Introduction: Sub-dermal hormone implants, such as levonorgestrel (LNG), are a safe and desirable form of long-acting contraception, but their use among HIV-positive women on antiretroviral therapy (ART) may be compromised given the potential for a cytochrome P450 3A-mediated drug-drug interaction. Our study aimed to characterize the pharmacokinetics of LNG released from a sub-dermal implant over six months in HIV-positive Ugandan women on nevirapine (NVP)- or efavirenz (EFV)-based ART.
Material and methods: This non-randomized, parallel group study compared LNG pharmacokinetics between HIV-positive Ugandan women not yet eligible for ART (control group, n=18) and those on stable NVP- (n=20) or EFV- (n=20) based ART. The two-rod (75 mg/rod) LNG sub-dermal implant was inserted at study enrolment. LNG sampling was obtained pre-implant and at weeks 1, 4, 12 and 24 post-insertion. LNG concentrations were analyzed using a validated LC-MS/MS method, with an assay calibration range of 50-1500 pg/mL. Safety monitoring, including a pregnancy test, was conducted at each study visit.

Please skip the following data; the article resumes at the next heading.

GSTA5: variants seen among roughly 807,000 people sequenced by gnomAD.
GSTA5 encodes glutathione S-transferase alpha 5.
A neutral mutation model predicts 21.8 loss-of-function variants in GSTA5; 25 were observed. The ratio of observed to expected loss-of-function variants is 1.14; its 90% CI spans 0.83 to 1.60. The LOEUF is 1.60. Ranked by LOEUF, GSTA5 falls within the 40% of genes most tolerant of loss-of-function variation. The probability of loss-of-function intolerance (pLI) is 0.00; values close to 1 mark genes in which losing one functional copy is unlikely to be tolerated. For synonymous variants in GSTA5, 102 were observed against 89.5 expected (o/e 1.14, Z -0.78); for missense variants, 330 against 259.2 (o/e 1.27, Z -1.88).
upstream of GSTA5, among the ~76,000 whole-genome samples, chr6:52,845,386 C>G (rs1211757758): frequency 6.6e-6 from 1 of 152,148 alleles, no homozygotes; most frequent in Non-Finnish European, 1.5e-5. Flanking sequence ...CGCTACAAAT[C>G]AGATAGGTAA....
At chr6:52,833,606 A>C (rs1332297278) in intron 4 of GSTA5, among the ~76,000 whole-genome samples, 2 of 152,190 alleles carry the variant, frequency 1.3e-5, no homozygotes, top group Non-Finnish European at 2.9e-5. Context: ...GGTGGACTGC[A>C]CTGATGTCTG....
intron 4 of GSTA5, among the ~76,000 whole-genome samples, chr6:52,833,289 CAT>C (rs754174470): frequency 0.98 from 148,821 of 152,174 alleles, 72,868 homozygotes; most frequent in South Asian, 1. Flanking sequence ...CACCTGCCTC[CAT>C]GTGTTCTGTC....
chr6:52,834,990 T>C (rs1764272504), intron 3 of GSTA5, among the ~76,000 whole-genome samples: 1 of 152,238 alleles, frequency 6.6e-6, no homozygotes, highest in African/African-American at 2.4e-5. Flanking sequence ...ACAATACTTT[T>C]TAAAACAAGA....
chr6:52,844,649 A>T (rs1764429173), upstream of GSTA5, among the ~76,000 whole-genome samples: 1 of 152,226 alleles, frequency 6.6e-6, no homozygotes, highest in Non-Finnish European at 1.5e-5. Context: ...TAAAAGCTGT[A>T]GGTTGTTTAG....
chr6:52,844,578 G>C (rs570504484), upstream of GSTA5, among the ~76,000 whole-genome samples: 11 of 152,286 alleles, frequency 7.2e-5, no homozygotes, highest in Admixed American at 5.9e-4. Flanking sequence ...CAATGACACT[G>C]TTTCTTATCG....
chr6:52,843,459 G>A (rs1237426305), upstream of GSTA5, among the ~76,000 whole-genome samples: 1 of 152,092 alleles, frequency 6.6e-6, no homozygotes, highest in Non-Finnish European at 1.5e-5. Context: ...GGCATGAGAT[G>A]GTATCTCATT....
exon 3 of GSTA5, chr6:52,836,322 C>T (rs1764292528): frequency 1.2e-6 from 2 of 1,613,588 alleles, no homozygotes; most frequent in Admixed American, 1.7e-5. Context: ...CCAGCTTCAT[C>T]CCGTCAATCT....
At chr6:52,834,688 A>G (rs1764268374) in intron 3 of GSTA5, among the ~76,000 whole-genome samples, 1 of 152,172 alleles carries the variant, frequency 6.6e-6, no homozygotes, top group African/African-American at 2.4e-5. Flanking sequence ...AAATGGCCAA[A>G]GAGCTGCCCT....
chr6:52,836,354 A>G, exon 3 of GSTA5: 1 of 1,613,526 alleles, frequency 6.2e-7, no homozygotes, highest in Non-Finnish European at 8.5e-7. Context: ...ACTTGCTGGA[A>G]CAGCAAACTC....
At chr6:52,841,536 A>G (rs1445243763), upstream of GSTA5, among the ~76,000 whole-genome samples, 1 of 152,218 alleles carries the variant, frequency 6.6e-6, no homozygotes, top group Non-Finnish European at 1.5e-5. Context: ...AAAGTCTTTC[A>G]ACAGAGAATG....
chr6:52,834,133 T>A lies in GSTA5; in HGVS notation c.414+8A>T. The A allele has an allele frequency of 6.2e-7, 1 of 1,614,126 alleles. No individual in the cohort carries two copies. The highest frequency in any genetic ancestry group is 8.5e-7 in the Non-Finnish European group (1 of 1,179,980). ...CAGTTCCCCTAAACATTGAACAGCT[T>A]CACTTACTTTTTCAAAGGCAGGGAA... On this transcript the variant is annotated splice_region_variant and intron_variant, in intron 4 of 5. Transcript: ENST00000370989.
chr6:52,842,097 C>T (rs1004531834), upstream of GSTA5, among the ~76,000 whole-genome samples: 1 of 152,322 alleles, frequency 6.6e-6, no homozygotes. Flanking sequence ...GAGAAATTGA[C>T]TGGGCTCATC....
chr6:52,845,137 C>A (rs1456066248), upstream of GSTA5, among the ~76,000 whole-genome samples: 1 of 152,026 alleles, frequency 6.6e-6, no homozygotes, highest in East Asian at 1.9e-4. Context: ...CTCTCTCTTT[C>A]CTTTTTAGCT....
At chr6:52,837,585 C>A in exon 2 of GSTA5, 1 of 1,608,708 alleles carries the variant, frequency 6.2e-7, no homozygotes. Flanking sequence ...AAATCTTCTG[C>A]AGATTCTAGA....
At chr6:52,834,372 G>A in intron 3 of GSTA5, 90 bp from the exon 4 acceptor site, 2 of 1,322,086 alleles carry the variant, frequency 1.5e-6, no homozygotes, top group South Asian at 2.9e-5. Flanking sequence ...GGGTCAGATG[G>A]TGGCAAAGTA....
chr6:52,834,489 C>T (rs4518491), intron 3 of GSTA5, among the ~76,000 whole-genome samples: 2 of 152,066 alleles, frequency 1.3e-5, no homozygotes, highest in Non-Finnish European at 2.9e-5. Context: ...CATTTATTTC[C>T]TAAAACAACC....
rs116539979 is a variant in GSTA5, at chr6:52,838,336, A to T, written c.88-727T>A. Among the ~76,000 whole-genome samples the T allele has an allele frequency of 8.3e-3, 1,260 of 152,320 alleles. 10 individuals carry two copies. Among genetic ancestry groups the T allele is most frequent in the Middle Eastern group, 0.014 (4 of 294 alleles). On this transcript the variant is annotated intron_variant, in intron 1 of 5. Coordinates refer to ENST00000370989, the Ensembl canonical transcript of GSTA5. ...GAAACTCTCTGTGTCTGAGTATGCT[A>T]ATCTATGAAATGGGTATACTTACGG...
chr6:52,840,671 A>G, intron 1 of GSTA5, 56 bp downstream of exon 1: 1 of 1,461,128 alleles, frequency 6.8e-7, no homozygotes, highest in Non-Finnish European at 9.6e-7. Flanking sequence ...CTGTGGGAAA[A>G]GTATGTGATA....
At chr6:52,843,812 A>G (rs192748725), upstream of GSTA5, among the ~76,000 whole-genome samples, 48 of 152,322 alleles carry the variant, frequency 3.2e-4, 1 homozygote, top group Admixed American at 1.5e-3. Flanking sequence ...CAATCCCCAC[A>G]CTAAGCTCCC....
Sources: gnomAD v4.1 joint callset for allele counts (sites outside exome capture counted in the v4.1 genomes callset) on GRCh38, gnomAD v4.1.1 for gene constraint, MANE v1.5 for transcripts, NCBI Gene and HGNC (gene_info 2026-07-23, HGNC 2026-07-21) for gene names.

Results: At enrolment, participants had a mean age of 31 years; CD4+ cell counts were similar between the control, NVP and EFV groups (758, 645 and 568 cells/mm(3), respectively; p=0.09); all women in the NVP and EFV groups had an undetectable HIV-RNA. Women in the control group had a higher baseline body weight (73 kg) compared to those in the NVP (63 kg; p=0.03) or EFV groups (60 kg; p<0.01). By linear regression, weight was a significant predictor of LNG concentrations (1 kg increase in weight=5 pg/mL decrease in LNG, p=0.03). LNG concentrations are reported in the table.
Conclusions: Over a 24-week period, LNG concentrations were 40-54% lower in women on EFV-based ART, despite their having a significantly lower body weight, compared to those not on ART. In women on NVP-based ART, LNG concentrations were 32-39% higher than those observed in the control group, a difference partially explained by body weight. These data confirm a significant drug interaction occurs between the LNG implant and EFV, adding to growing concern for reduced contraceptive efficacy with their combined use. In contrast, these data support use of the LNG implant with NVP-based ART.